|Quoting readytotaxi (Thread starter):|
From the ground to our cruising height and then the decent are the crew adjusting the cabin pressure as we go or is this computer generated? How does it work pls.
A modern automated system takes three inputs...takeoff field altitude, landing field altitude, and cruise altitude. These are used to design the pressurization schedule. The nice systems pull all this information from the flight management computer, so there's no extra inputs for the flight crew (which means "nothing" is happen in the cockpit vis a vis pressurization during the flight).
The system will start out at the ambient altitude of the takeoff airport (outflow valves full open). Some time during the takeoff roll the system will pressurize slightly to reduce pressure transients as the ECS system fires up during takeoff. From there, it will increase cabin altitude at some fraction of the climb rate so that you end up at the target cabin altitude when you hit cruising altitude. Depending on the nuts and bolts of the pressurization controller, this may stay constant for cruise or may change slightly with step climbs. The process is reversed on descent, ramping from the cruise cabin altitude to the landing field altitude.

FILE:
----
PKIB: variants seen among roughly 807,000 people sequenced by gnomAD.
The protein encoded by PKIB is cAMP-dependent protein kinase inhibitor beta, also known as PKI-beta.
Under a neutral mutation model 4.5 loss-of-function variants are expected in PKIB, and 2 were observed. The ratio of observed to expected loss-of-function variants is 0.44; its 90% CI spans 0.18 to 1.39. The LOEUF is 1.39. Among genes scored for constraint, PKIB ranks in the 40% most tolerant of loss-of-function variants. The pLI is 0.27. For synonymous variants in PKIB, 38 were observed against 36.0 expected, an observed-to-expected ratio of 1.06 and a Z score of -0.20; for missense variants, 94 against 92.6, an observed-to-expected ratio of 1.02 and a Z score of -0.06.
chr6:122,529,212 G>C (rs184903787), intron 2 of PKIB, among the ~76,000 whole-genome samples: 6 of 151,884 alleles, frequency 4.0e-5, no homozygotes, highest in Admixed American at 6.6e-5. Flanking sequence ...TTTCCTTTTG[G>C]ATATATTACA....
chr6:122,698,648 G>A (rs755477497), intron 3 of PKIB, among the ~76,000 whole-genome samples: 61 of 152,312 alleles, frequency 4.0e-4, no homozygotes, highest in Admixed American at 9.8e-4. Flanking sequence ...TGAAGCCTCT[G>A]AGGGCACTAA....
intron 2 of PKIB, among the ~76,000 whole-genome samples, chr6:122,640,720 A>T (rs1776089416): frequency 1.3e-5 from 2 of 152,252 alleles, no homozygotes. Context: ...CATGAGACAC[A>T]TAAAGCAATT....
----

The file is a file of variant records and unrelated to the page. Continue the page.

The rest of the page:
In the infrequent case that the landing altitude is actually higher than the normal cabin altitude (i.e. airports above about 8000') the cabin actually *climbs* during the descent to match up to the landing altitude. Extra steps are necessary if the landing airport is above the altitude that triggers cabin warnings or oxygen mask deployment.